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Korean J Med Hist > Volume 19(2); 2010 > Article
Korean Journal of Medical History 2010;19(2): 507-552.
클로드 베르나르의 일반생리학: 형성과정과 배경
The Formation and Background of Claude Bernard's General Physiology
Ki Won Han
Science and Technology Policy Institute Specialty Construction Center 26F, Dongjak-gu Shindaebang-dong 395-70, Seoul 156-714, KOREA. hkw9642@hanmail.net
Claude Bernard, a French physiologist in the nineteenth century, strove to establish experimental physiology as a medical branch and scientific field. In 1854, he started his lecture series on general physiology at the Paris Faculty of Sciences, which was continued at the National Museum of Natural History since 1869 when Bernard's chair was transferred from the Faculty to the Museum. At the Museum, Bernard titled his lecture series the "Phenomena of Life Common to Animals and Plants," which revealed the main characteristic of his general physiology. At that time, physiology was generally considered a medical science which dealt only with the human body. Bernard, on the other hand, came to have the idea that physiology could study the functions of plant, animal, and human bodies in the same manner. Bernard's lectures on general physiology had two distinct phases. At Sorbonne, general physiology was a rather speculative theoretical system. It was mainly because of the fact that he did not have a laboratory at the Faculty of Sciences. There, the lecture dealt only with animal functions, and he had no concern for plant physiology at all. After he moved to the Museum, significant changes occurred. In the new laboratory, general physiology was transformed into a truly experimental science, which dealt with both animals and plants. Protoplasm, a physiological basic unit, replaced tissue, which was basically an anatomical unit that fell short of explaining physiological phenomena. The Museum of Natural History played an important role in this transformation. At the museum, zoologists, botanists, and physiologists worked together, and the peculiar natural history tradition of the institution enabled scientists to study animals and plants at the same time. Although there existed some conflicts between experimentalists and naturalists, Bernard could wisely figure out the problem by asserting that the role of a physiologist was to disclose, by experimentation, the fundamental principles that lay behind the superficial facts of life that were already discovered by natural historians. At the Museum, Bernard could break down the distinction between the animal and plant kingdoms in the domain of experimental physiology, and it can perhaps be considered a step toward the formation of the general science of biology.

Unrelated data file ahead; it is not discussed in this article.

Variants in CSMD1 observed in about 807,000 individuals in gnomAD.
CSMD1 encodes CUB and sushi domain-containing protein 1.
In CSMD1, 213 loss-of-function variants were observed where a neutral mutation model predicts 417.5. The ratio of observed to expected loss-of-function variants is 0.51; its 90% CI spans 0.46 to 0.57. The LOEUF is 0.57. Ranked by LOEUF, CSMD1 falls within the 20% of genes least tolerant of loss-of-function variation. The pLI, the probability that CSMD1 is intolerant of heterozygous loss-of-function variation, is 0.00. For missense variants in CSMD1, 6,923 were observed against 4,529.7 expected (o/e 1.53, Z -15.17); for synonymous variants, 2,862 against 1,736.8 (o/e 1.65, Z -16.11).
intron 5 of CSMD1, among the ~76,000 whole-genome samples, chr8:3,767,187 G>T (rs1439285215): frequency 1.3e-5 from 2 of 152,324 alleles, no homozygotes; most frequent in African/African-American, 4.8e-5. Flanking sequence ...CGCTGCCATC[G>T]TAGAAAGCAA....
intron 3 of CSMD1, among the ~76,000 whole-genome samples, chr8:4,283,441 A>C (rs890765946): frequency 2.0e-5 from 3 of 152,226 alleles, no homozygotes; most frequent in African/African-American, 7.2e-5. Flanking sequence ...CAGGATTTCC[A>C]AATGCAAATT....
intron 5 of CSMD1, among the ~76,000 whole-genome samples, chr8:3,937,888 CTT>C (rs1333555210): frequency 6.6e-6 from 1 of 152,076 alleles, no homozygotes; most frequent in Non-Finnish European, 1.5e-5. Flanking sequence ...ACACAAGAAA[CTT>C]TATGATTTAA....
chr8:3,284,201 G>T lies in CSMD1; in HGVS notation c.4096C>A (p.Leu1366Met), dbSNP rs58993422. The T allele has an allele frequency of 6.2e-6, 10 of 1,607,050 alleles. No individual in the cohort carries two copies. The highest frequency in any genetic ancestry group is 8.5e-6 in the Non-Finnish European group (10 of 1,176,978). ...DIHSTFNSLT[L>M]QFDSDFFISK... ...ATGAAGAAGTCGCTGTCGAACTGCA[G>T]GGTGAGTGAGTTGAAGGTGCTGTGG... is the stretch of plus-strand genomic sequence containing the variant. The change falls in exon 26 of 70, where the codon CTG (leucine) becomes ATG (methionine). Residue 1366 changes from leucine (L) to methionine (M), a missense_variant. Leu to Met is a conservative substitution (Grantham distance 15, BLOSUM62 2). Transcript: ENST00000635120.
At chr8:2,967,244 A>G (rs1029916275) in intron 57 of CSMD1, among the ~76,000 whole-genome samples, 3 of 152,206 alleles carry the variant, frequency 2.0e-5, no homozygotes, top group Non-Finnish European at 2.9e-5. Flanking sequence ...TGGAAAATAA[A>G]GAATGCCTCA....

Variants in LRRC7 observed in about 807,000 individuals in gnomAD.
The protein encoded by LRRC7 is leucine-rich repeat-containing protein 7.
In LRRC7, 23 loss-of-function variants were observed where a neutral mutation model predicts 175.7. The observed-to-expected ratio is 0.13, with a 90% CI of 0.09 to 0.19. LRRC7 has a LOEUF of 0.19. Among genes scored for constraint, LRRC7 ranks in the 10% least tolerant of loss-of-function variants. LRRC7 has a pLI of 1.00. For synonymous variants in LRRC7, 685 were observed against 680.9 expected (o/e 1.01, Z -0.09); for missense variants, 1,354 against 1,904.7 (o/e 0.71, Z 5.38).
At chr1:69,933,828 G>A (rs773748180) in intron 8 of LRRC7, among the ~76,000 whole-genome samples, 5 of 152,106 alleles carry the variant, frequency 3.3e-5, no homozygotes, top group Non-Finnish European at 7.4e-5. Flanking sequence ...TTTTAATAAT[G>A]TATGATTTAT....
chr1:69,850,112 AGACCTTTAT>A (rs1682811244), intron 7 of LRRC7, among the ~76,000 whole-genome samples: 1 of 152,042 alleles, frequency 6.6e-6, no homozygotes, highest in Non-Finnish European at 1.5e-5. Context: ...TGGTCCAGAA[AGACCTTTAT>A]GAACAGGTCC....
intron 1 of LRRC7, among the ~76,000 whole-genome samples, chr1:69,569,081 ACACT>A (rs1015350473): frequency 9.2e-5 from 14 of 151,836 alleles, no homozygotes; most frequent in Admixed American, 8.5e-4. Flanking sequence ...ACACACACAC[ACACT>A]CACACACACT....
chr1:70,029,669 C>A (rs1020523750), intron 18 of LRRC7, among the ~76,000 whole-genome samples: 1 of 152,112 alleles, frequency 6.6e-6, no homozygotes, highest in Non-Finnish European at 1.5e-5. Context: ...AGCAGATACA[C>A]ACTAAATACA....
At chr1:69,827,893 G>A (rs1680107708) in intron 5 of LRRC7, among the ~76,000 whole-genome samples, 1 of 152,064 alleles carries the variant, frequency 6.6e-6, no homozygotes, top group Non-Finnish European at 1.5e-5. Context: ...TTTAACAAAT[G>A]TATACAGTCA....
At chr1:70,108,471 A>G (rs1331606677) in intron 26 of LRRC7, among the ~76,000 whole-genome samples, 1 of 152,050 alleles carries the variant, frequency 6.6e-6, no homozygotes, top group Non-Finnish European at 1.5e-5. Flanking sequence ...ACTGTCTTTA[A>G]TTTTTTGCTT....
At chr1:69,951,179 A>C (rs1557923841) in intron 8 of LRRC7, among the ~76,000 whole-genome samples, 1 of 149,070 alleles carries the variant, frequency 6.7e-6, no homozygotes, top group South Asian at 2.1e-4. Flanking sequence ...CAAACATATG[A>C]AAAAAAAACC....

Key Words: Claude Bernard, general physiology, protoplasm, anesthesia, Societe de Biologie, Paris Faculty of Sciences, Museum National d'Histoire Naturelle
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